Day of the African Child 2017

Boy in Kenya

Improving maternal health, a strategic pathway to child survival, education and sustainable development. The Day of the African Child (DAC) has been celebrated on 16 June every year since 1991. It was launched in memory of the student uprising in Soweto, South Africa, where children marched to protest against poor quality education and demanded to be taught in their own languages.

It serves to remember those children, some of whom were killed and many more injured, to celebrate children in Africa, and to inspire a deep reflection that will spur action towards addressing the complex challenges facing children in Africa.

DAC was founded on the 11 of July 1991 by the Assembly of Heads of State and Government of Organisation of African Unity (now the African Union).

The Africa Committee of Experts on the Rights and Welfare of the Children selected the theme for 2017 as “Accelerating protection, empowerment and equal opportunities for children in Africa by 2030”. This theme is closely aligned with Sustainable Development Goals 1 (End poverty), 2 (Zero hunger), 3 (Good Health and Well-being), 4 (Quality education), 6 (Clean Water and Sanitation), 16 (Peace, Justice and Strong Institutions) and 17 (Partnerships for the Goals).

Globally, 5.9 million children die every year before their 5th birthday and 80% of these deaths are occurring in sub-Saharan Africa and South Asia. In 2015, the under-five mortality rate in low-income countries was 76 deaths per 1000 live births, about 11 times the average rate in high income countries (7 deaths per 1000 live births). 45% of all under 5 deaths occur in the first 28 days of life (neonatal period). 75% of deaths in the neonatal period occur in the first week of life (early neonatal deaths) and 36% of all neonatal deaths occur in the first day of life. Women and children are more vulnerable during humanitarian crises including deadly epidemics such as Ebola, compromising health care and education.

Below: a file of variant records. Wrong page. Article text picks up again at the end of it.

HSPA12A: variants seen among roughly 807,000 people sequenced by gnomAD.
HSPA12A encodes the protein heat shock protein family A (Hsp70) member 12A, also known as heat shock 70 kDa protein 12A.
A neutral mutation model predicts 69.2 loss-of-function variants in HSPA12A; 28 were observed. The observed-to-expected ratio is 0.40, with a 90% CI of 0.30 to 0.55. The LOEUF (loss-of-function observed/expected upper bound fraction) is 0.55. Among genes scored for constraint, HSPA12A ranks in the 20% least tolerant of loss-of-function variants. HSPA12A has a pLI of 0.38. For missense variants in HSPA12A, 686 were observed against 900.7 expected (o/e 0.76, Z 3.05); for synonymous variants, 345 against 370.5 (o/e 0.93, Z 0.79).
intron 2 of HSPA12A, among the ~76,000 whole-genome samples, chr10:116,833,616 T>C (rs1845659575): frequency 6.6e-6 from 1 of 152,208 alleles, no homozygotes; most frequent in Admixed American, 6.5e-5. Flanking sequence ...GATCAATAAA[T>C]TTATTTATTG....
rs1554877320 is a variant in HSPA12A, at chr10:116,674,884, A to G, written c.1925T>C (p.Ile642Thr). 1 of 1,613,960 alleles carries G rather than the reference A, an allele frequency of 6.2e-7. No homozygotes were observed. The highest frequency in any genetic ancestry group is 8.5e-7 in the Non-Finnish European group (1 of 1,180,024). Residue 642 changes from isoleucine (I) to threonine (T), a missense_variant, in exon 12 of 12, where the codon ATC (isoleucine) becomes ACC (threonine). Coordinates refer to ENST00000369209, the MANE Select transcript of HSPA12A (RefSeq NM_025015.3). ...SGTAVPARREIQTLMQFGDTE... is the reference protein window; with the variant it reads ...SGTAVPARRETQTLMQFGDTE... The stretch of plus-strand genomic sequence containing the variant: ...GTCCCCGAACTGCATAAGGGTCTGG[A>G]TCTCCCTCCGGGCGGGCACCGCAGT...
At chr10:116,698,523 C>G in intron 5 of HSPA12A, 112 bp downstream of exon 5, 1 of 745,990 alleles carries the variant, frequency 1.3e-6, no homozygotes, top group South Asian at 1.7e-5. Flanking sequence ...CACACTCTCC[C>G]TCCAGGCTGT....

Interventions to ensure quality maternal and early newborn care are critical to reducing under-5 mortality. Maternal education is critical for child survival and for getting children to school age. There is also evidence that educated adolescent mothers are more likely to use Antenatal Care (ANC) services and skilled attendance at delivery. Improving the knowledge and skills of maternity care providers, establishing systems for quality improvement including relevant indicators to monitor quality of care provided, are important elements of improving maternal health. Understanding the causes of and factors associated with stillbirths also contributes to the design of interventions towards perinatal mortality reduction. Therefore, a healthy mother is crucial for child survival and the chances of having a good education.

The Centre for Maternal and Newborn Health at the Liverpool School of Tropical Medicine, a World Health Organisation collaborative Centre for Research designs and evaluates interventions to improve the quality of care for mothers and their newborn babies. As we renew our efforts to end preventable maternal and child mortality, every effort should be made to ensure that more children have opportunities for good quality and affordable education. This means that every boy and girl should have the opportunity for and complete at least primary and secondary education. This will not only be a significant investment by governments toward equitable and sustainable global development, but also leave a lasting legacy!

About the author

Dr Charles Ameh is a Senior Clinical Lecturer at CMNH. He is a member and fellow of several professional organisations, including Fellowship of the International College of Surgeons and a Fellow of the Royal College of Obstetricians and Gynaecologists.